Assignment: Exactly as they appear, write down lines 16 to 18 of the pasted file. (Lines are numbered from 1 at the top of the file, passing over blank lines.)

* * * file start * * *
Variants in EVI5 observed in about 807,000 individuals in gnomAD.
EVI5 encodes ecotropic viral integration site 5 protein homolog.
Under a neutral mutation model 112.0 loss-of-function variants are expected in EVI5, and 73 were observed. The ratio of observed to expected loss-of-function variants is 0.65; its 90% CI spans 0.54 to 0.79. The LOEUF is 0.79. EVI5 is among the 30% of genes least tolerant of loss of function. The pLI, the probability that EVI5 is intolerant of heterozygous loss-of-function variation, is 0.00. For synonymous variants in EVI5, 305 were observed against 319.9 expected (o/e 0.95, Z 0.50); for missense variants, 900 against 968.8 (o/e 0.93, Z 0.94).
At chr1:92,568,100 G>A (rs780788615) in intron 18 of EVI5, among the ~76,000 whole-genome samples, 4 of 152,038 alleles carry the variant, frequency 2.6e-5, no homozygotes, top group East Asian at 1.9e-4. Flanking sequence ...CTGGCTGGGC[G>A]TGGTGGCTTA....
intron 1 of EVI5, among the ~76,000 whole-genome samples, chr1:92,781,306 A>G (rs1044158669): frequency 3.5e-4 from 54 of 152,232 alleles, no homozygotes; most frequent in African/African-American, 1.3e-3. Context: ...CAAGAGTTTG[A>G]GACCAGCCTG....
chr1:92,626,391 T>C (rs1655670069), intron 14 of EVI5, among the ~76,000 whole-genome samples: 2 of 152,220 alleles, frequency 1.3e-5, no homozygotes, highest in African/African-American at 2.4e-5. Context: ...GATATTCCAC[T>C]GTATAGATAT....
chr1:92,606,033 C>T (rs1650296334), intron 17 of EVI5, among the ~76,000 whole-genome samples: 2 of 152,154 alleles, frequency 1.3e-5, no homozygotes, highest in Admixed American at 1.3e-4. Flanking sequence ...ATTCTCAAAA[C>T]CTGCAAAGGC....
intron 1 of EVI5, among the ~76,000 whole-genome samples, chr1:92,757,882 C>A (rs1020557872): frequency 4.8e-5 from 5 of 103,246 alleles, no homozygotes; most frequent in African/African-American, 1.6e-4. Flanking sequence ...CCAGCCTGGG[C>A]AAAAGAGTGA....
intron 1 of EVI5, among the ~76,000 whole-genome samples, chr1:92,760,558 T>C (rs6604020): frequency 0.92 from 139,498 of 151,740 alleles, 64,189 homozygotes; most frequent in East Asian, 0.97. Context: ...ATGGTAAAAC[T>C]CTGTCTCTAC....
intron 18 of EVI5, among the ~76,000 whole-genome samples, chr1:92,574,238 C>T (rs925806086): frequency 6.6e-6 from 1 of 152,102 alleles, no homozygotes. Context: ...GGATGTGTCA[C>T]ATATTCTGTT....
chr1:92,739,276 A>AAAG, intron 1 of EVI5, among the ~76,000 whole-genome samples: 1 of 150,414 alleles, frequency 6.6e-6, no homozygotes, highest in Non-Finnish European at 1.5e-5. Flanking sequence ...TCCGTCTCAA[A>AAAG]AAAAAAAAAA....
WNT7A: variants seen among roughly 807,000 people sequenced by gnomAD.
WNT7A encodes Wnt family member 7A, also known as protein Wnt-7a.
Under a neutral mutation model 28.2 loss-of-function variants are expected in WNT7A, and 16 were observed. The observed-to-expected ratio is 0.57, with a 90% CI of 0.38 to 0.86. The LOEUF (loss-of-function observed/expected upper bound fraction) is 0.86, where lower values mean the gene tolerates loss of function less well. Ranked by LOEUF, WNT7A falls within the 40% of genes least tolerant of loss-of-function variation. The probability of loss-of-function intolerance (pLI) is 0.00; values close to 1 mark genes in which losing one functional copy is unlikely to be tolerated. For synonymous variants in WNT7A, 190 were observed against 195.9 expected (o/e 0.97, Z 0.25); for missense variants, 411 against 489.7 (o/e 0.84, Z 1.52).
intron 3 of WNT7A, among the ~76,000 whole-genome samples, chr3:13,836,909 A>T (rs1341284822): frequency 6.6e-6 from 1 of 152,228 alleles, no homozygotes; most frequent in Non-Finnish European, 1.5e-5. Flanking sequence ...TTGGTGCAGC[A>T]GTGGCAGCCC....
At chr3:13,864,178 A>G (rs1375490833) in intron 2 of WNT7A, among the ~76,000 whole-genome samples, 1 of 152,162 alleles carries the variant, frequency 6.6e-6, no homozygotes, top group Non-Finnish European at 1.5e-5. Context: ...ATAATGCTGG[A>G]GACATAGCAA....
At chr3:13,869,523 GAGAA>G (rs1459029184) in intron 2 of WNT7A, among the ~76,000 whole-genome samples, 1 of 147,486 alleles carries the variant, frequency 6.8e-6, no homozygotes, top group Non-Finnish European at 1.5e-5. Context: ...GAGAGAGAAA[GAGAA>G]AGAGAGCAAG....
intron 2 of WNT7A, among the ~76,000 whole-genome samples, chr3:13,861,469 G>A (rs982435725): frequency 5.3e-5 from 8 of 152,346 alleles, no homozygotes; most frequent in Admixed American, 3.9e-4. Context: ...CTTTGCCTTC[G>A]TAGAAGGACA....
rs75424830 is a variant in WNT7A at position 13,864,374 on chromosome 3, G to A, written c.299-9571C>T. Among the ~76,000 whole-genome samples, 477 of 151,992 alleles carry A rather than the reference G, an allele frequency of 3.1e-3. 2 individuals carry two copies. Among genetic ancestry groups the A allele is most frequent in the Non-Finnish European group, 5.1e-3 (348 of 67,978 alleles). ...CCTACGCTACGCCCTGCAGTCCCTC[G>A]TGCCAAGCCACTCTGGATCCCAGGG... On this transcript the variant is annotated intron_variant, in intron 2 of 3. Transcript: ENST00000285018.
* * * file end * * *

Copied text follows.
At chr3:13,864,178 A>G (rs1375490833) in intron 2 of WNT7A, among the ~76,000 whole-genome samples, 1 of 152,162 alleles carries the variant, frequency 6.6e-6, no homozygotes, top group Non-Finnish European at 1.5e-5. Context: ...ATAATGCTGG[A>G]GACATAGCAA....
At chr3:13,869,523 GAGAA>G (rs1459029184) in intron 2 of WNT7A, among the ~76,000 whole-genome samples, 1 of 147,486 alleles carries the variant, frequency 6.8e-6, no homozygotes, top group Non-Finnish European at 1.5e-5. Context: ...GAGAGAGAAA[GAGAA>G]AGAGAGCAAG....
intron 2 of WNT7A, among the ~76,000 whole-genome samples, chr3:13,861,469 G>A (rs982435725): frequency 5.3e-5 from 8 of 152,346 alleles, no homozygotes; most frequent in Admixed American, 3.9e-4. Context: ...CTTTGCCTTC[G>A]TAGAAGGACA....